External Affairs, Marketing and Communications staff is crafting a communications and public engagement plan to engage with the community, riders, stakeholder organizations and our municipal partners.  Staff anticipates conducting digital engagement, including interactive maps and outreach tools, as opposed to in-person meetings due to the current shelter in place and social distancing orders. 

 

East Bay Paratransit Implications

Staff is currently working on the potential impacts of the changes proposed above to eligible East Bay Paratransit (EBP) passengers. Staff conducts this analysis with every service change. In this case, staff will estimate impacts to ensure any loss of EBP coverage will be included within the input and decision-making process. As the District moves closer to making a decision on the proposed network changes, staff will perform additional analysis to capture any adjustments made to the plan as a consequence of feedback received on the proposals.

 

Timeline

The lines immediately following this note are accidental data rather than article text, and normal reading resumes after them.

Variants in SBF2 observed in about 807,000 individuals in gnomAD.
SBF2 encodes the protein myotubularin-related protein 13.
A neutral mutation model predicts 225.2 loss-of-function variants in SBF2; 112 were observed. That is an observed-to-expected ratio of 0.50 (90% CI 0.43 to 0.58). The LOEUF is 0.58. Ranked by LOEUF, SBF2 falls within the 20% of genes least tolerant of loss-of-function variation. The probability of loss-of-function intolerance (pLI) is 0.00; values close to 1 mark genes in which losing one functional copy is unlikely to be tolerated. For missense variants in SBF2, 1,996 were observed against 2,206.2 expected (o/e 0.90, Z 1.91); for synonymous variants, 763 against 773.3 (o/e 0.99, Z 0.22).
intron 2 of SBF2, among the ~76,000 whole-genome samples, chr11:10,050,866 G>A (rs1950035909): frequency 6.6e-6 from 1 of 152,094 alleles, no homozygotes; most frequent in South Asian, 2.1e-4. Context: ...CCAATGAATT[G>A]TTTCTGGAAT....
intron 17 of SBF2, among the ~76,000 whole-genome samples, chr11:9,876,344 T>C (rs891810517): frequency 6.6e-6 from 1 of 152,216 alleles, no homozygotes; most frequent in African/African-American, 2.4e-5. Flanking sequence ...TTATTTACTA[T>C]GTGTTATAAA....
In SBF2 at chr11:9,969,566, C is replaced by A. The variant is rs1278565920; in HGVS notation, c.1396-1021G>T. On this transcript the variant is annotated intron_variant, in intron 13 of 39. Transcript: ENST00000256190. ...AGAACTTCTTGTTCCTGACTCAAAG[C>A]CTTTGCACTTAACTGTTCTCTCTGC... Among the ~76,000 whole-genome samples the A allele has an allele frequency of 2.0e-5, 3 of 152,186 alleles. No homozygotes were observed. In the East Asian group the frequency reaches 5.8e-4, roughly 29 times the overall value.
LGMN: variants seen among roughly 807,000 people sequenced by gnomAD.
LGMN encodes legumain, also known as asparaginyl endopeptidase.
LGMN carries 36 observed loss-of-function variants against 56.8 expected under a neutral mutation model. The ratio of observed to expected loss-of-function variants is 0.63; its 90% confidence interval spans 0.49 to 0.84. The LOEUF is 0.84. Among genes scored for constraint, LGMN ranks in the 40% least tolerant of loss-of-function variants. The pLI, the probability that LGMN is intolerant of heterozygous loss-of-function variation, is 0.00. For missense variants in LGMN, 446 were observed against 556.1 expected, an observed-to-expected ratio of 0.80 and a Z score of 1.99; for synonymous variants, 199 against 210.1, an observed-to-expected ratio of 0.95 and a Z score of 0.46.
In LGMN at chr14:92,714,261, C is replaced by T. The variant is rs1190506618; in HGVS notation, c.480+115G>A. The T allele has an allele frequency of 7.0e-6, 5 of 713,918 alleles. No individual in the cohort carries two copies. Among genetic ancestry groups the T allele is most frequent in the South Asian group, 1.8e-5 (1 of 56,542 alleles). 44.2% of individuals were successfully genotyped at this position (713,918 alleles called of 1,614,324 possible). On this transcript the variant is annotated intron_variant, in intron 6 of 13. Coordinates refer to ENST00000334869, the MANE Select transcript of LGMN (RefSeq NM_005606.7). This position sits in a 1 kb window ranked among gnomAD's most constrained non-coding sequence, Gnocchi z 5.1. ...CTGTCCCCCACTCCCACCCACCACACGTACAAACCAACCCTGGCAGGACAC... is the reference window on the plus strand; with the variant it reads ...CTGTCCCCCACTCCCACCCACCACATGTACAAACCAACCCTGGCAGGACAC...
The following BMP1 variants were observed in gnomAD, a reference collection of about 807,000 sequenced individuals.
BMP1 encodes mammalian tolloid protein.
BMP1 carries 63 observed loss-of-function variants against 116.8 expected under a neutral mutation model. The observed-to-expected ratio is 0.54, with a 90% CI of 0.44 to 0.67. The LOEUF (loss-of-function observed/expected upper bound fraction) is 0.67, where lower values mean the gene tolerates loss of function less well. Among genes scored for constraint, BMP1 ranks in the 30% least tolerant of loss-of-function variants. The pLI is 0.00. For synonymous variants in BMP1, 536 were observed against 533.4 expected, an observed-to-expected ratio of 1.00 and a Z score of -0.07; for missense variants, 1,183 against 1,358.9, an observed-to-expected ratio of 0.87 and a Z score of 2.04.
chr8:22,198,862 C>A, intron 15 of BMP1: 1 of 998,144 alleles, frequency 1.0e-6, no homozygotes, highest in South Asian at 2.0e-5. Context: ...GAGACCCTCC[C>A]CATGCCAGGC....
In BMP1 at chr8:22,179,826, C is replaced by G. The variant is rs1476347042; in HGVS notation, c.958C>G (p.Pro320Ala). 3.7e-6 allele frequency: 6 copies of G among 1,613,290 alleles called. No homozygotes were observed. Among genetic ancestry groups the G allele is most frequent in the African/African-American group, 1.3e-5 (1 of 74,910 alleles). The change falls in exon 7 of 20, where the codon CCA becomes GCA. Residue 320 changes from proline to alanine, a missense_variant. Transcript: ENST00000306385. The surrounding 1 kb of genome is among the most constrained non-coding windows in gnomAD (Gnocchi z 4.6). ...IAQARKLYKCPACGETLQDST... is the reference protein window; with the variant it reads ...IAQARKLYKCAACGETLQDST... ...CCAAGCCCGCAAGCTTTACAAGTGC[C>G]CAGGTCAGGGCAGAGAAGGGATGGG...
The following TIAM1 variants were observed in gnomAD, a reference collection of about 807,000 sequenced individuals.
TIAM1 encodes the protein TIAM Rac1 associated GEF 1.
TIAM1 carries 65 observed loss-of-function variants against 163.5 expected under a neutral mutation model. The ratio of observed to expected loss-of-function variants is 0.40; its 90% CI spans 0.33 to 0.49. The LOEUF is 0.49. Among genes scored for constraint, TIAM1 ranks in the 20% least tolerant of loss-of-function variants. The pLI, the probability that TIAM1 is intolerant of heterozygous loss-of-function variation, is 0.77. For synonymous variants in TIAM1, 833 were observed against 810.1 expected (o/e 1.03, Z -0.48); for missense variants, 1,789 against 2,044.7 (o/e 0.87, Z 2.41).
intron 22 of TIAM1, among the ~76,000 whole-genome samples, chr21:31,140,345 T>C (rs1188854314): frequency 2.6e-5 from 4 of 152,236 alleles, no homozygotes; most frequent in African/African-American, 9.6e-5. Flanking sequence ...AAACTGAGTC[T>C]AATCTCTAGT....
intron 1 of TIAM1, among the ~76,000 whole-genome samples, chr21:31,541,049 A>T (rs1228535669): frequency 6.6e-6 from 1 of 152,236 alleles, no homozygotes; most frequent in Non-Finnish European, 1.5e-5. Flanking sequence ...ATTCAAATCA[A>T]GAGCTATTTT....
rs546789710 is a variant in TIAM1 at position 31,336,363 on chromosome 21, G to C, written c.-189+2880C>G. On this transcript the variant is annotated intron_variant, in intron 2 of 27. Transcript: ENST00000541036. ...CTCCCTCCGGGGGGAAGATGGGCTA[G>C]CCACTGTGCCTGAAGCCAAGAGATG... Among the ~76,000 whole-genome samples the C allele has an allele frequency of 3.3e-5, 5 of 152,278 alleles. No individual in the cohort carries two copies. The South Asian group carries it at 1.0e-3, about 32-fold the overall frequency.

Staff is considering implementing these changes in summer 2021 rather than March 2021 to allow enough time to provide for more clarity on future revenues and ridership patterns, as well as ensure sufficient time for input and adjustments to the proposals in the plan. The Federal Transit Administration has provided guidance that the reduced service levels adopted as an emergency measure do not require Title VI analysis. The Board, however, will be asked to waive certain elements of Board Policy 110 when the Public hearing is called in the fall.  This will allow the District to delay implementation until the summer 2021, at which time staff will conduct a Title VI analysis on the new service network.

 

                     Fall 2020: Call for Public Hearing and Conduct Public Engagement and Communications

                     January 2021: Hold Public Hearing and Adjust Plan Based on Feedback

                     February 2021: Request Board Approval

                     June 2021: Implement New Network